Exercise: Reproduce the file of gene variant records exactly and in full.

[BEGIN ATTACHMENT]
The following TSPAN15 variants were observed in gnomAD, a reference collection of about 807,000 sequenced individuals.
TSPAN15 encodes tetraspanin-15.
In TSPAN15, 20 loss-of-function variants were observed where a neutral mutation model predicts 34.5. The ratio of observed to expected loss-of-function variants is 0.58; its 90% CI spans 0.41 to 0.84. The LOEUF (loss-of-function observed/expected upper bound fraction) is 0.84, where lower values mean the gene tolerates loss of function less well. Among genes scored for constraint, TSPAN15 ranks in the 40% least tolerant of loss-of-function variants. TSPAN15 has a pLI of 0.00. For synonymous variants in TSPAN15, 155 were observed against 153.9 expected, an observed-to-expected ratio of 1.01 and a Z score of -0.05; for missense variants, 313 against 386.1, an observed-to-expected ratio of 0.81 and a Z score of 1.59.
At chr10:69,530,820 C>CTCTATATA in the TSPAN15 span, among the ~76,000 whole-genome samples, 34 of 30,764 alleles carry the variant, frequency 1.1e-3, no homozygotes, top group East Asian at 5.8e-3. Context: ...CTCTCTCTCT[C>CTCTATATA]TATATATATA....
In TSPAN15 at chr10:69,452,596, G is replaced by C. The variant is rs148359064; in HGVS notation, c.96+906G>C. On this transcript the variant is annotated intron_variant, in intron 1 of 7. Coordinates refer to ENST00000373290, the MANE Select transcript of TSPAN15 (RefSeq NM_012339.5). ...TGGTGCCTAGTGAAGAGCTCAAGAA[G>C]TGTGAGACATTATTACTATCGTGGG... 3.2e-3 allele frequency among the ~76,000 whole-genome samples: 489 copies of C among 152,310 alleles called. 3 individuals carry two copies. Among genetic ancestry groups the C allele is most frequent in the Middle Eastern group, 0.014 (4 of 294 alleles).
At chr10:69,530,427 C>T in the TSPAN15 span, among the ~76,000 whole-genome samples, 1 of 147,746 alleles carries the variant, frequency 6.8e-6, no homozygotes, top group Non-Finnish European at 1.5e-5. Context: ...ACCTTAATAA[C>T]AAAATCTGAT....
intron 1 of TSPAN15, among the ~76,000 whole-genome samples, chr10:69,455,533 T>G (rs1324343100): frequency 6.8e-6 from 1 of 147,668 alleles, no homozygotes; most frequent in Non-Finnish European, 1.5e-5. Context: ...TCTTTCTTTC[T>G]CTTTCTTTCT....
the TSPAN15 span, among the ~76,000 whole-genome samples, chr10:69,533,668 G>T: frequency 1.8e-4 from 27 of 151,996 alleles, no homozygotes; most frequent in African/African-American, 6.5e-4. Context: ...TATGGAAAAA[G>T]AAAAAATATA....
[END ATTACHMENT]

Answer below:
The following TSPAN15 variants were observed in gnomAD, a reference collection of about 807,000 sequenced individuals.
TSPAN15 encodes tetraspanin-15.
In TSPAN15, 20 loss-of-function variants were observed where a neutral mutation model predicts 34.5. The ratio of observed to expected loss-of-function variants is 0.58; its 90% CI spans 0.41 to 0.84. The LOEUF (loss-of-function observed/expected upper bound fraction) is 0.84, where lower values mean the gene tolerates loss of function less well. Among genes scored for constraint, TSPAN15 ranks in the 40% least tolerant of loss-of-function variants. TSPAN15 has a pLI of 0.00. For synonymous variants in TSPAN15, 155 were observed against 153.9 expected, an observed-to-expected ratio of 1.01 and a Z score of -0.05; for missense variants, 313 against 386.1, an observed-to-expected ratio of 0.81 and a Z score of 1.59.
At chr10:69,530,820 C>CTCTATATA in the TSPAN15 span, among the ~76,000 whole-genome samples, 34 of 30,764 alleles carry the variant, frequency 1.1e-3, no homozygotes, top group East Asian at 5.8e-3. Context: ...CTCTCTCTCT[C>CTCTATATA]TATATATATA....
In TSPAN15 at chr10:69,452,596, G is replaced by C. The variant is rs148359064; in HGVS notation, c.96+906G>C. On this transcript the variant is annotated intron_variant, in intron 1 of 7. Coordinates refer to ENST00000373290, the MANE Select transcript of TSPAN15 (RefSeq NM_012339.5). ...TGGTGCCTAGTGAAGAGCTCAAGAA[G>C]TGTGAGACATTATTACTATCGTGGG... 3.2e-3 allele frequency among the ~76,000 whole-genome samples: 489 copies of C among 152,310 alleles called. 3 individuals carry two copies. Among genetic ancestry groups the C allele is most frequent in the Middle Eastern group, 0.014 (4 of 294 alleles).
At chr10:69,530,427 C>T in the TSPAN15 span, among the ~76,000 whole-genome samples, 1 of 147,746 alleles carries the variant, frequency 6.8e-6, no homozygotes, top group Non-Finnish European at 1.5e-5. Context: ...ACCTTAATAA[C>T]AAAATCTGAT....
intron 1 of TSPAN15, among the ~76,000 whole-genome samples, chr10:69,455,533 T>G (rs1324343100): frequency 6.8e-6 from 1 of 147,668 alleles, no homozygotes; most frequent in Non-Finnish European, 1.5e-5. Context: ...TCTTTCTTTC[T>G]CTTTCTTTCT....
the TSPAN15 span, among the ~76,000 whole-genome samples, chr10:69,533,668 G>T: frequency 1.8e-4 from 27 of 151,996 alleles, no homozygotes; most frequent in African/African-American, 6.5e-4. Context: ...TATGGAAAAA[G>T]AAAAAATATA....